Sweating It Out: The Temazcal

“Will you enter the Temazcal?”

I had been asked the question more than once at Vive Piuki Mapu (Read about it here). The Temazcal – a small, igloo-like structure – had been simply constructed with tarpaulin over a bent-branch frame the day before. I knew that a ceremony involving steam was to take place there, but by the reverent way the question was asked, it seemed this would be no ordinary ritual.

But of course, my answer was yes, and so Saturday afternoon found us – twenty Chileans and one perhaps naïvely curious Australian – standing around a fire in our underwear. Before us was the Temazcal itself, squatting on the sandy edge of the Atacama Desert. First, Andrea – the Temazcalera officiating the ritual – directed cleansing prayers and offerings to Madre Tierra, Padre Cielo, and El Gran Misterio. Each of us was given tobacco leaves to toss into the fire. Beneath its flames, on a bed of coals, a pile of stones waited like dragon eggs.

Andrea warned us to take care, as it would be very hot inside the Temazcal. It was best not to breathe too deeply, as the steam could singe the lungs. Before I had time to wonder what I had gotten myself into, we commenced entering the dome, crawling through a cramped tunnel into the darkness.

Inside, we sat in an intimate circle around a shallow pit. Some of us were given small drums and maracas. One by one, the stones were carefully transported from the fire and placed in the central pit.  They glowed red and radiated shimmering heat. The last item to arrive was a tall bucket of water.

With preparations complete, the entrance tunnel was covered. We were plunged into darkness, save for the red-glowing edges of the stones. For a moment, there was silence. Then, hissing. The red glow faltered as water was poured onto the stones. Wafts of heat brushed against my skin. A drum sounded and Andrea began to sing. Every few minutes, the hissing came again as more water was poured until steam filled the dome. But before it became too hot, Andrea commanded the entrance be opened. As cool air flowed in, I wondered what all the fuss had been about. Little did I know what was to come.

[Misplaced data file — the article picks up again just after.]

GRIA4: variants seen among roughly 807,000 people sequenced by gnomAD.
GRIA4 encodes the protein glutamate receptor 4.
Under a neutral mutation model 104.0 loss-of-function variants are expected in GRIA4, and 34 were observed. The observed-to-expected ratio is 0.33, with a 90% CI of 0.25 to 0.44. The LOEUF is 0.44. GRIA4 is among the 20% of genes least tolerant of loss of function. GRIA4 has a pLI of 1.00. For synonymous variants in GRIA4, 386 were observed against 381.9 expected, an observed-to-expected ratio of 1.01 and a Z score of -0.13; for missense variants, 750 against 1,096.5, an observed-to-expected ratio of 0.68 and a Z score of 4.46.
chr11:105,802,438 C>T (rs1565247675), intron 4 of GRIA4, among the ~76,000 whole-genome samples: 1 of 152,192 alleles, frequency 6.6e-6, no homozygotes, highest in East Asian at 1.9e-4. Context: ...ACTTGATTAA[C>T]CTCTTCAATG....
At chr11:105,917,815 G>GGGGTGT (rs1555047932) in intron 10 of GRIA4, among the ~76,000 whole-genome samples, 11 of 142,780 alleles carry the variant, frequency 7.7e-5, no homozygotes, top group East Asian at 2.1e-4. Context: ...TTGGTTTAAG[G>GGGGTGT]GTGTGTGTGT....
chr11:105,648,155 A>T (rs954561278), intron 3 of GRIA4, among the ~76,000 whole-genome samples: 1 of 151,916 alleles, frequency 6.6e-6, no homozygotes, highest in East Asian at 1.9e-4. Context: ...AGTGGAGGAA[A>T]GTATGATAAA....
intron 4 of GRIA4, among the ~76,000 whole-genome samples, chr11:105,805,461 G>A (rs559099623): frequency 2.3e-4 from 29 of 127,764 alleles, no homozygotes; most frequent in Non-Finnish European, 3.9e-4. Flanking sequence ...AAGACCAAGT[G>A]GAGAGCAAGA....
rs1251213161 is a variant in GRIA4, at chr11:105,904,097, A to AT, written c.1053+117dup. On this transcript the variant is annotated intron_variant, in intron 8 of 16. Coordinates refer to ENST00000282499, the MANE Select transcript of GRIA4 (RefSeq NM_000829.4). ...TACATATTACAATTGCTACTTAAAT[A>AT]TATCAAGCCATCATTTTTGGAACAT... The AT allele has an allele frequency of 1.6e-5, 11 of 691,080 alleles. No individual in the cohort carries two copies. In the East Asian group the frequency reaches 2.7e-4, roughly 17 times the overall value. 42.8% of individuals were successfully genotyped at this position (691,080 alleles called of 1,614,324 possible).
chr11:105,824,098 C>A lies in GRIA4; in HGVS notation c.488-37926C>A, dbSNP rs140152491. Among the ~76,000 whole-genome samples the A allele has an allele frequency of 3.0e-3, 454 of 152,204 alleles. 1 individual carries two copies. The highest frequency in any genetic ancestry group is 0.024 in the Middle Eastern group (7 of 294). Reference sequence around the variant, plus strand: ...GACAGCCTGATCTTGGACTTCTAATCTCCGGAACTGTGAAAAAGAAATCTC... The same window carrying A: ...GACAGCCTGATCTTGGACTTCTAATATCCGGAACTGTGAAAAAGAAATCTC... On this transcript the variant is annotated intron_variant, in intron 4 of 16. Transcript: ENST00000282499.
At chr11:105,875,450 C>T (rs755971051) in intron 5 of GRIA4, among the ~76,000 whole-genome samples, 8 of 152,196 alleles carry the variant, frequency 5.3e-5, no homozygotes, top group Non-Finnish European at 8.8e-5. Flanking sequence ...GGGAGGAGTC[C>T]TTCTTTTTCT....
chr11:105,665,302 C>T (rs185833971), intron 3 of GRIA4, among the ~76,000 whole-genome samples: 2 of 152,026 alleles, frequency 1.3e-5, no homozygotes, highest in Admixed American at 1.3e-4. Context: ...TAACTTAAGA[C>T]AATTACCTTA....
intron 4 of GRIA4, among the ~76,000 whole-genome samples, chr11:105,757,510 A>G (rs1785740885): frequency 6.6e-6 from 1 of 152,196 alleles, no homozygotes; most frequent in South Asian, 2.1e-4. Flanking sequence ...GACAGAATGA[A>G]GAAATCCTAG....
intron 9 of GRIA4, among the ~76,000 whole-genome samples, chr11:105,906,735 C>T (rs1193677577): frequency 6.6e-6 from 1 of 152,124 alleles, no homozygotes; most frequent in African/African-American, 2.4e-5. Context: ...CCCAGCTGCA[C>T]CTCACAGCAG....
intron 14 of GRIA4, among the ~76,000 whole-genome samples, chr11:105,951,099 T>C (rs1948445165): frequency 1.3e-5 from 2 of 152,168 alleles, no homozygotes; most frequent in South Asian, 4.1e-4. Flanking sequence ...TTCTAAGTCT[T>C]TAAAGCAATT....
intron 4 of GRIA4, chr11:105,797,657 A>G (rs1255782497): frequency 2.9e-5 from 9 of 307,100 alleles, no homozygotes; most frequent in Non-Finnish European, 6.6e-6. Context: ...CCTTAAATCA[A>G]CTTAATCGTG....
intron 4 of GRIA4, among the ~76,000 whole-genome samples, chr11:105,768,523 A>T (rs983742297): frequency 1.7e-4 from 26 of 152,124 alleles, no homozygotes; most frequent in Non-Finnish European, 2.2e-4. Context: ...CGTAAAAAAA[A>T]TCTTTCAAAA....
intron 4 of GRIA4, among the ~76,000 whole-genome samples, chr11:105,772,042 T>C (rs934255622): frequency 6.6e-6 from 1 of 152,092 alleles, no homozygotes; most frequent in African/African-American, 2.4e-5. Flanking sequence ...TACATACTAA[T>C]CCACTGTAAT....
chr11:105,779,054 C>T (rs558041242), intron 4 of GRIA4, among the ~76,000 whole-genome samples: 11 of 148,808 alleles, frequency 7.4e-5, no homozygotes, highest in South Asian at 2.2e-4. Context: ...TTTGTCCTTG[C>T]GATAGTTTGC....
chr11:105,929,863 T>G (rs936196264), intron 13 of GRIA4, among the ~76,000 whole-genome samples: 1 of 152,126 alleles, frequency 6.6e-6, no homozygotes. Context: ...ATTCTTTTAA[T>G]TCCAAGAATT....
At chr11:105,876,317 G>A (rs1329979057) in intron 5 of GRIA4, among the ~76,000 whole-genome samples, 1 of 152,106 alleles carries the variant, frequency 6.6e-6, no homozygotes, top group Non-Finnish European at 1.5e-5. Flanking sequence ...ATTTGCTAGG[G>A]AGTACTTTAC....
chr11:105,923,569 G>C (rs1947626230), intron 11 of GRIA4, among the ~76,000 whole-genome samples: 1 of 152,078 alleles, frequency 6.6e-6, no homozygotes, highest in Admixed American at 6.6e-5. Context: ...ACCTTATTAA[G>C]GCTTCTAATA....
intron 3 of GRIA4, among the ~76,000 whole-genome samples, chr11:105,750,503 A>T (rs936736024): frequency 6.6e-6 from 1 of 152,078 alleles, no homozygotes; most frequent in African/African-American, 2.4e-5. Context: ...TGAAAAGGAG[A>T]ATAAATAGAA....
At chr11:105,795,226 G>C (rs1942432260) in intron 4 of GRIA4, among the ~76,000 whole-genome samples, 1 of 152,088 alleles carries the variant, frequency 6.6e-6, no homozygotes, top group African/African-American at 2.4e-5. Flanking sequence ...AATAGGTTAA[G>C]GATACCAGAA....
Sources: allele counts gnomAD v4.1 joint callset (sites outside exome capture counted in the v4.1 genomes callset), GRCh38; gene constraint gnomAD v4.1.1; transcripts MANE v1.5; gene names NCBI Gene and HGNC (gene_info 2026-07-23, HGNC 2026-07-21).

Later, I learned more about the Temazcal’s history. Literally meaning ‘House of Heat,’ in the Nahuatl language of the Aztecs, it was performed at least 5000 years ago by the Mesoamericans and, despite colonial attempts to eradicate the practice, was adopted by societies all across the Americas. It has been used for medicinal and religious purposes, before and after important events such as Sun Dances, Vision Quests, and the commencing of war.

And of course, our Temazcal was not complete. There are four stages to the ritual.  The four traditional elements – earth, air, fire, and water – are all present as well, and as such, the Temazcal is seen as a microcosmic representation of the universe as well as a symbolic womb. We had only completed the first stage – the child’s stage. Now, as fresh stones were brought in and the passage closed, the stage of youth commenced.

It began as before but quickly became more intense. More steam, louder singing, and harder drumming. I began to sway to the rhythm and soon grew painfully aware of the soreness that had accumulated in my body over weeks of travelling and camping. I turned my movements into exercises, twisting my spine and rotating my neck, all the while slapping my thighs to the beat of the drums. I wanted to join in the singing, too, but the words were unclear, and before I could find my voice the stage was over and the entrance opened for a reprieve.

In fact, the therapeutic benefits of sweat lodge and sauna practices are well-known. The combination of the heat and humidity stimulates circulation, metabolism, and heart-rate comparable to the effects of strenuous exercise. Used appropriately, they can benefit cardiovascular health and help to treat skin and muscular conditions. Research has also found positive effects for mental health as well, and, traditionally, sweat lodges have been used in the treatment of even more wide-ranging ailments.

With the commencing of the third, ‘adult’ stage, I put my doubts aside and joined the singing. I bellowed what words I could and otherwise hummed or moaned or whooped or shrieked, anything to join the hot spirit billowing amongst us. And it was getting really hot. The stones hissed again and again like an angry serpent. Andrea was practically wailing, and more than once I gagged, accidentally sucking the air deep into my lungs. When the tarp was finally thrown open, the steam was so thick that the faces of the other participants had become indiscernible. All sat wreathed in grey vapour, like the petrified silhouettes of Pompeii in the shadow of volcanic clouds.

And yet, there was still one more stage: the stage of the elder. This time I did not sing. Instead, I sat still amidst the sensory overload – the dizzy darkness, the noise, the heat – and tried to focus inwards. I had been surprised in the previous stage by flashes of negativity – old traumas and painful memories – that had suddenly surfaced in my mind. Now, I allowed them to flow outwards and upwards, as the sweat from my skin, as the steam from the stones. Perhaps I was just light-headed, but they seemed to become more distant, more detached. When I opened my eyes, all I could see was the red edges of the stones, glowing like the secret veins of the earth.

When it was over we emerged into the afternoon light feeling both purged and invigorated. We shared embraces and reflected around the fire. The intentions I had cast into the flames with the tobacco leaves at the beginning of the ritual came back to me, and I felt renewed clarity and purpose.

My own journey was just beginning, out into the great mystery of the world.

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